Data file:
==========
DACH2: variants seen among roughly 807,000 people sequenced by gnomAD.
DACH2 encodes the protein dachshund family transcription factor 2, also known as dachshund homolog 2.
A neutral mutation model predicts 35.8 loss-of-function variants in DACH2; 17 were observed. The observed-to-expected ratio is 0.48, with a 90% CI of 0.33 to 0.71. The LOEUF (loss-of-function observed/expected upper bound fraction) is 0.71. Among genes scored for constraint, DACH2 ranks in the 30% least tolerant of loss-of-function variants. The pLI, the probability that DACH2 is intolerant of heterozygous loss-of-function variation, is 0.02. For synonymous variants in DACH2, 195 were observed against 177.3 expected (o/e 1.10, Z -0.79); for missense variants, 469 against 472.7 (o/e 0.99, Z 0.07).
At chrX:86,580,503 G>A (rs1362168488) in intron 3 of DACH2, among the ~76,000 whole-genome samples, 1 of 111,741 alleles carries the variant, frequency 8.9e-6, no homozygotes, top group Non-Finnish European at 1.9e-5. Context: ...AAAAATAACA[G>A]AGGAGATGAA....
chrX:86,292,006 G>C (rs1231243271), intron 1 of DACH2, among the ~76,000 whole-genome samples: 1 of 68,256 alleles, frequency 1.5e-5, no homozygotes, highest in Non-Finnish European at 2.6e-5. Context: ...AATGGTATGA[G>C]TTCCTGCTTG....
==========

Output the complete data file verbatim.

DACH2: variants seen among roughly 807,000 people sequenced by gnomAD.
DACH2 encodes the protein dachshund family transcription factor 2, also known as dachshund homolog 2.
A neutral mutation model predicts 35.8 loss-of-function variants in DACH2; 17 were observed. The observed-to-expected ratio is 0.48, with a 90% CI of 0.33 to 0.71. The LOEUF (loss-of-function observed/expected upper bound fraction) is 0.71. Among genes scored for constraint, DACH2 ranks in the 30% least tolerant of loss-of-function variants. The pLI, the probability that DACH2 is intolerant of heterozygous loss-of-function variation, is 0.02. For synonymous variants in DACH2, 195 were observed against 177.3 expected (o/e 1.10, Z -0.79); for missense variants, 469 against 472.7 (o/e 0.99, Z 0.07).
At chrX:86,580,503 G>A (rs1362168488) in intron 3 of DACH2, among the ~76,000 whole-genome samples, 1 of 111,741 alleles carries the variant, frequency 8.9e-6, no homozygotes, top group Non-Finnish European at 1.9e-5. Context: ...AAAAATAACA[G>A]AGGAGATGAA....
chrX:86,292,006 G>C (rs1231243271), intron 1 of DACH2, among the ~76,000 whole-genome samples: 1 of 68,256 alleles, frequency 1.5e-5, no homozygotes, highest in Non-Finnish European at 2.6e-5. Context: ...AATGGTATGA[G>C]TTCCTGCTTG....